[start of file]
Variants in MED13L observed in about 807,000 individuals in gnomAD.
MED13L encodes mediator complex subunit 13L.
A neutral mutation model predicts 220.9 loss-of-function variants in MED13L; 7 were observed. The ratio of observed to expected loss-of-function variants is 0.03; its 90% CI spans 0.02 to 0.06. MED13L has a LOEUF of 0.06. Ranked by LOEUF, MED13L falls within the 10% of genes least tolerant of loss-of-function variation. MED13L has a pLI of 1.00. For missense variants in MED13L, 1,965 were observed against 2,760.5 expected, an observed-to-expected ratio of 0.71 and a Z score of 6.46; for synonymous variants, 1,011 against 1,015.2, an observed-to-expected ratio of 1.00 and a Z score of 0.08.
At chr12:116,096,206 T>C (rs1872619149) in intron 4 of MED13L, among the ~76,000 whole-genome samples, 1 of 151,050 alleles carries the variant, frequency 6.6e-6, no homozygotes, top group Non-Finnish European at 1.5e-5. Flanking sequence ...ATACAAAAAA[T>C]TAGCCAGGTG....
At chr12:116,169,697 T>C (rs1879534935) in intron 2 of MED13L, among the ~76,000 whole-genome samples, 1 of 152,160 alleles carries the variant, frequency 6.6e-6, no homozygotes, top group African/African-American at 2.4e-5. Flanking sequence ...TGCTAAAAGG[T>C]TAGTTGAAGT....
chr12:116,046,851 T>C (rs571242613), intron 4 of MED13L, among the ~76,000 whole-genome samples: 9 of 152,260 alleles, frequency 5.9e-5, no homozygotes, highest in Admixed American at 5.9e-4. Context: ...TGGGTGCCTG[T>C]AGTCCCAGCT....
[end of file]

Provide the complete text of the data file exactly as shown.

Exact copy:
Variants in MED13L observed in about 807,000 individuals in gnomAD.
MED13L encodes mediator complex subunit 13L.
A neutral mutation model predicts 220.9 loss-of-function variants in MED13L; 7 were observed. The ratio of observed to expected loss-of-function variants is 0.03; its 90% CI spans 0.02 to 0.06. MED13L has a LOEUF of 0.06. Ranked by LOEUF, MED13L falls within the 10% of genes least tolerant of loss-of-function variation. MED13L has a pLI of 1.00. For missense variants in MED13L, 1,965 were observed against 2,760.5 expected, an observed-to-expected ratio of 0.71 and a Z score of 6.46; for synonymous variants, 1,011 against 1,015.2, an observed-to-expected ratio of 1.00 and a Z score of 0.08.
At chr12:116,096,206 T>C (rs1872619149) in intron 4 of MED13L, among the ~76,000 whole-genome samples, 1 of 151,050 alleles carries the variant, frequency 6.6e-6, no homozygotes, top group Non-Finnish European at 1.5e-5. Flanking sequence ...ATACAAAAAA[T>C]TAGCCAGGTG....
At chr12:116,169,697 T>C (rs1879534935) in intron 2 of MED13L, among the ~76,000 whole-genome samples, 1 of 152,160 alleles carries the variant, frequency 6.6e-6, no homozygotes, top group African/African-American at 2.4e-5. Flanking sequence ...TGCTAAAAGG[T>C]TAGTTGAAGT....
chr12:116,046,851 T>C (rs571242613), intron 4 of MED13L, among the ~76,000 whole-genome samples: 9 of 152,260 alleles, frequency 5.9e-5, no homozygotes, highest in Admixed American at 5.9e-4. Context: ...TGGGTGCCTG[T>C]AGTCCCAGCT....